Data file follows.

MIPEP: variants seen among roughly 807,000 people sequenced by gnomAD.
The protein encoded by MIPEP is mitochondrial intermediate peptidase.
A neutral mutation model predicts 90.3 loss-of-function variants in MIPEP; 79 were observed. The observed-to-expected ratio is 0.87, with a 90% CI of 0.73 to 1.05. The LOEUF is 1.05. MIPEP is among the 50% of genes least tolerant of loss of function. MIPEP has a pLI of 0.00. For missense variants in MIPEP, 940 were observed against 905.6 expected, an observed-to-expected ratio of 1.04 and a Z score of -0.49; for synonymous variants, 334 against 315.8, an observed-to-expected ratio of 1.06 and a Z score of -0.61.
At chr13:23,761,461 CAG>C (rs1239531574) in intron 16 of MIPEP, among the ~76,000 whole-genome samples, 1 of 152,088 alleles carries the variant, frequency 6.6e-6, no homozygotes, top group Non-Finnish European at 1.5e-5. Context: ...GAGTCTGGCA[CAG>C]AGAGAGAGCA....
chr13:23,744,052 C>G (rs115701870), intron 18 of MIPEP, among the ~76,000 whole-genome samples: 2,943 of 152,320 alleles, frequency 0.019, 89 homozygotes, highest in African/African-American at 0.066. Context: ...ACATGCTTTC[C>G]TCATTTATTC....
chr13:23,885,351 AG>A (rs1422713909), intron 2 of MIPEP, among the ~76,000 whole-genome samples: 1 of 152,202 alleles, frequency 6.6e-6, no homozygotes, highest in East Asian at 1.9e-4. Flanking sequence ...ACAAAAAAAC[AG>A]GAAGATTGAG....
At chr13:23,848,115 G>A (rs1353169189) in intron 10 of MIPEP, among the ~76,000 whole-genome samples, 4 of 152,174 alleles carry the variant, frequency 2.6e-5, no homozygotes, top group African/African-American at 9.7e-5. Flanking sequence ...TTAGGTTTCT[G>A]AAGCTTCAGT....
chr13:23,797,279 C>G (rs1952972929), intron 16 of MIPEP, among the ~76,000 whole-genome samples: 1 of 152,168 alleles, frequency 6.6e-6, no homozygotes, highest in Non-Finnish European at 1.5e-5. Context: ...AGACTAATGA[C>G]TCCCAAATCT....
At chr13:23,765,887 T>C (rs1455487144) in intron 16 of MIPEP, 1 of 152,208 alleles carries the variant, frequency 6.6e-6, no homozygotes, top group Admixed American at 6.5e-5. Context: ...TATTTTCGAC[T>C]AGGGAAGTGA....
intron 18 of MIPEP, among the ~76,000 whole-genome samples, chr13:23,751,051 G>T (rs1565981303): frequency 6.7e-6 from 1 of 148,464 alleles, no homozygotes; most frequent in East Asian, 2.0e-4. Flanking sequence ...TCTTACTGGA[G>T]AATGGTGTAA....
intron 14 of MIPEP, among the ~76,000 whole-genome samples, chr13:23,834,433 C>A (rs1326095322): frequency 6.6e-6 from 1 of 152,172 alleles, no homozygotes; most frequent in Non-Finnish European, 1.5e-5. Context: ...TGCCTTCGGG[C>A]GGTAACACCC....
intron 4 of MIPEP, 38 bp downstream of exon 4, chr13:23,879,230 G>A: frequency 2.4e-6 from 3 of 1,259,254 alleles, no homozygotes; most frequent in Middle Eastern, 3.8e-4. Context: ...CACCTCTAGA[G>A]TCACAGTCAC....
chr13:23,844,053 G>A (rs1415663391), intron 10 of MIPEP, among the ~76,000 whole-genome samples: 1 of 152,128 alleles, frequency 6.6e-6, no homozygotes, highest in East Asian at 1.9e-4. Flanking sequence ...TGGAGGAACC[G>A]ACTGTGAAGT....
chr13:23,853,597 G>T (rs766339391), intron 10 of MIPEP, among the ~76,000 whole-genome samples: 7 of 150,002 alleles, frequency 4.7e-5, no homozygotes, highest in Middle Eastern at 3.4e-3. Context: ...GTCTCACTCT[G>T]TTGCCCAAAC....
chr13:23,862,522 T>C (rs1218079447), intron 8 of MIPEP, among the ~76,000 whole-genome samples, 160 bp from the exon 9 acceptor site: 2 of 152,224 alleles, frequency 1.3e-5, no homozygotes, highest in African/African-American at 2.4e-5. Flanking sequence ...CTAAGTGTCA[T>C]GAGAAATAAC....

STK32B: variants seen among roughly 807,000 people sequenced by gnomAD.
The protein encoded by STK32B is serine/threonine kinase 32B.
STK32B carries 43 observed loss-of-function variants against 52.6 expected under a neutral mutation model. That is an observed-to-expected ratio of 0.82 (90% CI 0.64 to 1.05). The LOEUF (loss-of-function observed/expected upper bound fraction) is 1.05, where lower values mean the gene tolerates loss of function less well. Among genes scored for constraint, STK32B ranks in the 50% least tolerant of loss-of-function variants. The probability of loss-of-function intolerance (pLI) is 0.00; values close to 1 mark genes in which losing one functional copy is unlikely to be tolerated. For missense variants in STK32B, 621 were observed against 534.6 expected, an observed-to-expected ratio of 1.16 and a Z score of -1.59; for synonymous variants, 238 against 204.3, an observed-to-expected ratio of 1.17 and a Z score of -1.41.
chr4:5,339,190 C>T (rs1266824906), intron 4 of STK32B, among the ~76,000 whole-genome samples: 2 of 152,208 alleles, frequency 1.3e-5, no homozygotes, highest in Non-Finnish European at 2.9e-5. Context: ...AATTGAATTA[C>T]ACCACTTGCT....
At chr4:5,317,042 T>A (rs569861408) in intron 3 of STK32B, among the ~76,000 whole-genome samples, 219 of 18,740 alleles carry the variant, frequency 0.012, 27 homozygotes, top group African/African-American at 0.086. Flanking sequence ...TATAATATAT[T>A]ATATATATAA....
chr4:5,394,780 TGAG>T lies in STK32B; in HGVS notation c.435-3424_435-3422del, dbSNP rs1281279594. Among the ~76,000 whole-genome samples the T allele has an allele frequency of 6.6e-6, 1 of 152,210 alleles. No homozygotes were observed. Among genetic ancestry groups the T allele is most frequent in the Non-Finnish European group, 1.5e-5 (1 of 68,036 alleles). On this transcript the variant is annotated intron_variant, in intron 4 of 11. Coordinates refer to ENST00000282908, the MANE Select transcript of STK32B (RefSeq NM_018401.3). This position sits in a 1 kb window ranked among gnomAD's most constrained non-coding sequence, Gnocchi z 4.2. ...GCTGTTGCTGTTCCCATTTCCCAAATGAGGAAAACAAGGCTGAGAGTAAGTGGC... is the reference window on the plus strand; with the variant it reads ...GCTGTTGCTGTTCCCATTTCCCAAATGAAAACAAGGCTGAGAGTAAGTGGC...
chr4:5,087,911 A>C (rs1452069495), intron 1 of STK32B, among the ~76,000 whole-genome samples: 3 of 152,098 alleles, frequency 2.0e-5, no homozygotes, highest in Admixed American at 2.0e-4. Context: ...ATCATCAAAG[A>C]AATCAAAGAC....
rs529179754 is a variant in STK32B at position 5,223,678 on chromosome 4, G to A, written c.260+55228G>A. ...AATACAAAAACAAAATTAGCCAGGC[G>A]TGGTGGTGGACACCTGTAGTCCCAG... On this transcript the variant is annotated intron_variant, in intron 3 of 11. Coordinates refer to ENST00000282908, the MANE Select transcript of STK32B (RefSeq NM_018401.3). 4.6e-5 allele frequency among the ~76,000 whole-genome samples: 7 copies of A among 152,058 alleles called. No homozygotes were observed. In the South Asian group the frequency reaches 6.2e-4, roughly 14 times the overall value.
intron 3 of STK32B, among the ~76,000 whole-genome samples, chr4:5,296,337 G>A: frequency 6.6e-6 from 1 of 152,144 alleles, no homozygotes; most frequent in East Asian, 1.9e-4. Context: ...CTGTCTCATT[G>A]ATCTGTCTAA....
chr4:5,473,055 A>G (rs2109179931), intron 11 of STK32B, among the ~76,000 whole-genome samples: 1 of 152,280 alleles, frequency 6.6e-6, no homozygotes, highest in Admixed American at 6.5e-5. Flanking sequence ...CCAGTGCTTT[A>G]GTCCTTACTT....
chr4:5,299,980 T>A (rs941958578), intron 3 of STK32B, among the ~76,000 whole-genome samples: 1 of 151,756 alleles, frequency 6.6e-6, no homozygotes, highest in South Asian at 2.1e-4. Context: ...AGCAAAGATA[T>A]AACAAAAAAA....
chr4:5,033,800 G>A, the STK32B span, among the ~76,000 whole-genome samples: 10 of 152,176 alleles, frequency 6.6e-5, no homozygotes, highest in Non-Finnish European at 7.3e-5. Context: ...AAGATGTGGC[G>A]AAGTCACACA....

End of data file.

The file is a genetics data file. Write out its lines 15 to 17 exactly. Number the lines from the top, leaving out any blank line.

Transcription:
chr13:23,862,522 T>C (rs1218079447), intron 8 of MIPEP, among the ~76,000 whole-genome samples, 160 bp from the exon 9 acceptor site: 2 of 152,224 alleles, frequency 1.3e-5, no homozygotes, highest in African/African-American at 2.4e-5. Flanking sequence ...CTAAGTGTCA[T>C]GAGAAATAAC....

STK32B: variants seen among roughly 807,000 people sequenced by gnomAD.
The protein encoded by STK32B is serine/threonine kinase 32B.